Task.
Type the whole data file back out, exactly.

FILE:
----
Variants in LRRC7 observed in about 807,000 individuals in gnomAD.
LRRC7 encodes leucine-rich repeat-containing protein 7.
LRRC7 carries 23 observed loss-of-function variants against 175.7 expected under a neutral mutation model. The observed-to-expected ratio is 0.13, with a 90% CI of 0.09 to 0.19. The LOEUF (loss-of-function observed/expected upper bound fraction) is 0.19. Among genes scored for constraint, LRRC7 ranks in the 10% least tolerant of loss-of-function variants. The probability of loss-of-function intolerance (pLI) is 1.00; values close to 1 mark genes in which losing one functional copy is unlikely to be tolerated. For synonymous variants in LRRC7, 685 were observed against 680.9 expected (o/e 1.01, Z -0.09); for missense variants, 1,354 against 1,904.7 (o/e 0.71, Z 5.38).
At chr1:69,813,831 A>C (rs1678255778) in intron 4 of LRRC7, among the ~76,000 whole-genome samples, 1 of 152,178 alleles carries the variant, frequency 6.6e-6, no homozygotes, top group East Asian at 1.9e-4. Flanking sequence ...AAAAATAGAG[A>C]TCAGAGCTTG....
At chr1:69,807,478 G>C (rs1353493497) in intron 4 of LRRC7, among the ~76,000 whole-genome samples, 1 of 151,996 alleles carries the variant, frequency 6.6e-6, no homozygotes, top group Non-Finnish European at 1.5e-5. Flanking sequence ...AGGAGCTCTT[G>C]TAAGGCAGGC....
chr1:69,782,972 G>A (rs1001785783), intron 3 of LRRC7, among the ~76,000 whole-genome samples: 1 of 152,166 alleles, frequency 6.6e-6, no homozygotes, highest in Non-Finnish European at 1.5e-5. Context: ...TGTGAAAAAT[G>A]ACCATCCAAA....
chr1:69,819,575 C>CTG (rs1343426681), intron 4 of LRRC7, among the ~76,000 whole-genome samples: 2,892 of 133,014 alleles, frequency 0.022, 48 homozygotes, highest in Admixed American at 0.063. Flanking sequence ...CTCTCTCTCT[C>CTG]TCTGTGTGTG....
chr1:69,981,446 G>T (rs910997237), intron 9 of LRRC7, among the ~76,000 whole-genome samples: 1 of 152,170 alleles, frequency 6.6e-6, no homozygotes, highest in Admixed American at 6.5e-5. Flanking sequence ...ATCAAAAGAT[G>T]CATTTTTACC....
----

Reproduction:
Variants in LRRC7 observed in about 807,000 individuals in gnomAD.
LRRC7 encodes leucine-rich repeat-containing protein 7.
LRRC7 carries 23 observed loss-of-function variants against 175.7 expected under a neutral mutation model. The observed-to-expected ratio is 0.13, with a 90% CI of 0.09 to 0.19. The LOEUF (loss-of-function observed/expected upper bound fraction) is 0.19. Among genes scored for constraint, LRRC7 ranks in the 10% least tolerant of loss-of-function variants. The probability of loss-of-function intolerance (pLI) is 1.00; values close to 1 mark genes in which losing one functional copy is unlikely to be tolerated. For synonymous variants in LRRC7, 685 were observed against 680.9 expected (o/e 1.01, Z -0.09); for missense variants, 1,354 against 1,904.7 (o/e 0.71, Z 5.38).
At chr1:69,813,831 A>C (rs1678255778) in intron 4 of LRRC7, among the ~76,000 whole-genome samples, 1 of 152,178 alleles carries the variant, frequency 6.6e-6, no homozygotes, top group East Asian at 1.9e-4. Flanking sequence ...AAAAATAGAG[A>C]TCAGAGCTTG....
At chr1:69,807,478 G>C (rs1353493497) in intron 4 of LRRC7, among the ~76,000 whole-genome samples, 1 of 151,996 alleles carries the variant, frequency 6.6e-6, no homozygotes, top group Non-Finnish European at 1.5e-5. Flanking sequence ...AGGAGCTCTT[G>C]TAAGGCAGGC....
chr1:69,782,972 G>A (rs1001785783), intron 3 of LRRC7, among the ~76,000 whole-genome samples: 1 of 152,166 alleles, frequency 6.6e-6, no homozygotes, highest in Non-Finnish European at 1.5e-5. Context: ...TGTGAAAAAT[G>A]ACCATCCAAA....
chr1:69,819,575 C>CTG (rs1343426681), intron 4 of LRRC7, among the ~76,000 whole-genome samples: 2,892 of 133,014 alleles, frequency 0.022, 48 homozygotes, highest in Admixed American at 0.063. Flanking sequence ...CTCTCTCTCT[C>CTG]TCTGTGTGTG....
chr1:69,981,446 G>T (rs910997237), intron 9 of LRRC7, among the ~76,000 whole-genome samples: 1 of 152,170 alleles, frequency 6.6e-6, no homozygotes, highest in Admixed American at 6.5e-5. Flanking sequence ...ATCAAAAGAT[G>T]CATTTTTACC....